This week we will continue our introduction to algebra. You have already done lots of algebra without knowing it – recognizing and continuing number patterns, finding the missing angle or number and substituting values into equations.

A = the number of letters in your first name (Britt = 5)
B = the number of letters in your family name (Gow = 3)

What does A + B = ? (Britt Gow = 8) See if you can find someone in the class with the same answer as you. Did you both have the same equation?

Now see if you can make A and B equal your age. I am 46 years old, so
8A + 2B = 46. Are there other ways you can make the answer equal your age?

How could you make A and B equal today’s date? Can you make A and B equal your birthdate (day of the month you were born).

Some more algebra for beginners:

Shape times Shape is an activity where you discover which shapes represent which numbers, using a series of multiplication problems.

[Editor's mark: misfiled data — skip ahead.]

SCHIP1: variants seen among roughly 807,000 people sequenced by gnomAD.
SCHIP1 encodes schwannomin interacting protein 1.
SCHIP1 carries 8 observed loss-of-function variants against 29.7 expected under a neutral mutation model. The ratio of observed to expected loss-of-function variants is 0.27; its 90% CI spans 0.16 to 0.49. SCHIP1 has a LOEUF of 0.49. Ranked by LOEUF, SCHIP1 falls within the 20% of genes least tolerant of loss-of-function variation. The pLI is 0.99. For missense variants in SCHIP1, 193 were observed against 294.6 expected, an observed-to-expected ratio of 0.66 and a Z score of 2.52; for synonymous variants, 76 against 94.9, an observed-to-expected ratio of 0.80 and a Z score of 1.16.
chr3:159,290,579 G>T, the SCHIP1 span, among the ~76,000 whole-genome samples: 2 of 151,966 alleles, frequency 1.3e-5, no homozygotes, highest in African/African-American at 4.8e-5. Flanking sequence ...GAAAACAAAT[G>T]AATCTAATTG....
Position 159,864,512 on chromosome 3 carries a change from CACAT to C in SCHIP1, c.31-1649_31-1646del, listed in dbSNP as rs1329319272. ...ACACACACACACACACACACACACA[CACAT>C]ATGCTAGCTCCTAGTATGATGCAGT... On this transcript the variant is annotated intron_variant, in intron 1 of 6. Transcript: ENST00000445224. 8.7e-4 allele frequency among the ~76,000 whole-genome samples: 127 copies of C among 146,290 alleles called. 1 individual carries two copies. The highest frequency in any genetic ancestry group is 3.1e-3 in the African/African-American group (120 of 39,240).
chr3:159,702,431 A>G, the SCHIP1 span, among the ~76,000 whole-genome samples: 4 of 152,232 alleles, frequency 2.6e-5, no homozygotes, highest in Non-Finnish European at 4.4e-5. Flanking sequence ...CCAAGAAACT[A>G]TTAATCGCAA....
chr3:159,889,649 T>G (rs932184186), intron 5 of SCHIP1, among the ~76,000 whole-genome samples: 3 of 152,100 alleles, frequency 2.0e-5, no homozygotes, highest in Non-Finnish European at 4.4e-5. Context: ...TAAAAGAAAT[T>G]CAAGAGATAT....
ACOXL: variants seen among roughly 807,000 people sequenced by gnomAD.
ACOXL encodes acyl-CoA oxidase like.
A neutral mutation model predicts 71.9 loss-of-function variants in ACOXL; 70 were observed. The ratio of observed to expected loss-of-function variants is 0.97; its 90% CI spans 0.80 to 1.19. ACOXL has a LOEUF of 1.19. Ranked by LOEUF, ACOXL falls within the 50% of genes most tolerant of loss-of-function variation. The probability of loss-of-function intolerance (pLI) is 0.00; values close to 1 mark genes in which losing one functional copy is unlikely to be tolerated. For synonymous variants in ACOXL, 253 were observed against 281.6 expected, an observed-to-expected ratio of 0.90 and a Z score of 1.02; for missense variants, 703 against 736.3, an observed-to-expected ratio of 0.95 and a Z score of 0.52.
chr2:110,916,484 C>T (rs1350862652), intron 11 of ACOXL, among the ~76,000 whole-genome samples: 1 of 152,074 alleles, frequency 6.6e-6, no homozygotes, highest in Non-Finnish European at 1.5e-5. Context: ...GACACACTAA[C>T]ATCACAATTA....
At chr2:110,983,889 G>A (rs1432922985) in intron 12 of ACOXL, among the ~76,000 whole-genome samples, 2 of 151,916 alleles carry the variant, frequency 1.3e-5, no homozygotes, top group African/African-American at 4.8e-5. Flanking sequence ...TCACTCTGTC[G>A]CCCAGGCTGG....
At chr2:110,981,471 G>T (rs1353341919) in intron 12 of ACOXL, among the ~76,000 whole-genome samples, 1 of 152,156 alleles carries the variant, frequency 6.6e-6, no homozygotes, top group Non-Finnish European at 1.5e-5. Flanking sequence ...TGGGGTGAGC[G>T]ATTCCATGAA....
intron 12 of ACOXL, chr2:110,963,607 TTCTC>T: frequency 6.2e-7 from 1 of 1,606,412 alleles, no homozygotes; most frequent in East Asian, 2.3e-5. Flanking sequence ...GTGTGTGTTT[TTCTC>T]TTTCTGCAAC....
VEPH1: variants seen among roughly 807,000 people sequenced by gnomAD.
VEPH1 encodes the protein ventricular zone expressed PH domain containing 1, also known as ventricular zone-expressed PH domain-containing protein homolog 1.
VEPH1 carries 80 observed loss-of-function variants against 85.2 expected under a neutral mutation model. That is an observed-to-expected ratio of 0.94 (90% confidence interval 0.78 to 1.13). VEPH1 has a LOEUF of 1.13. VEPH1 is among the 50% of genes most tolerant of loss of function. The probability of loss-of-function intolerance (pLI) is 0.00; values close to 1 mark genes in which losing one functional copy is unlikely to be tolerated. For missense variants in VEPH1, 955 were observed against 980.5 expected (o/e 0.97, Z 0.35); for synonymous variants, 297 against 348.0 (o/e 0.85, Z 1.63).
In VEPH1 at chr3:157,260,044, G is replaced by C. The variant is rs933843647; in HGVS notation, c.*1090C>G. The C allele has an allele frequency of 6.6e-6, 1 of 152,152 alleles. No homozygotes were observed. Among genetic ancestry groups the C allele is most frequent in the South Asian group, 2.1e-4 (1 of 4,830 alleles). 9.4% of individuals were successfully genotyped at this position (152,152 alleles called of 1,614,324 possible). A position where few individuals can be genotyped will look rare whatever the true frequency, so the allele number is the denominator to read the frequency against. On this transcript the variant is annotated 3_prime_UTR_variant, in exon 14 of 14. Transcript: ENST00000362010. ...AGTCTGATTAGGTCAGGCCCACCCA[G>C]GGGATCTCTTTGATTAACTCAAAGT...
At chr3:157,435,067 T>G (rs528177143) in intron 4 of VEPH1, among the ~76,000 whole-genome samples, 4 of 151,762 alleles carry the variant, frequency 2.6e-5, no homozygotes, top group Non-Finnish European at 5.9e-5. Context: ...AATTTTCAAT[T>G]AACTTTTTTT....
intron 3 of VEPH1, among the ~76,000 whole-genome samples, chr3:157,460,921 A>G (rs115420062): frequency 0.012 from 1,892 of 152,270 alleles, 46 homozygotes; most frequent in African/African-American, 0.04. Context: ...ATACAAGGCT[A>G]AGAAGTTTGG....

BBC Bitesize has an introduction to algebra using formulae.

Maths is Fun also has an introduction to algebra which includes a brief explanation with some examples.

Students then need to be able to recognise like and unlike terms. There are some more practise questions at MCA Online: Like and Unlike TermsAlgebra for Children is another site that may assist you to work with like and unlike terms.

Later in the term we will access some more difficult problems:

As each of you have netbooks to use at school and at home, you may like to access the National Library of Virtual Manipulatives site, which has a great range of interactive tasks for year 6 to 8 Algebra. I like the “Coin Problem”;“Factor Tree” and “Function Machine”.

This virtual manipulative from the National  Library, Algebra Scales, helps you to solve equations using a balance scales. This one is a little more difficult, Algebra Scales using negative numbers. Remember to do the same thing to both sides of the equation.

Monday 22nd October

Learning Intention: You will consolidate your understanding of how to calculate the volume of three dimensional prisms.

Success Criteria: By completing the set exercises you will demonstrate your understanding of how to calculate the volume of prisms.

James, Emily, Liam and Jeremy  – please work on page 344 “Discover – Volume and capacity”.

All other students are to work on page 346 “Explore – Volume and capacity”.

Fencing a paddock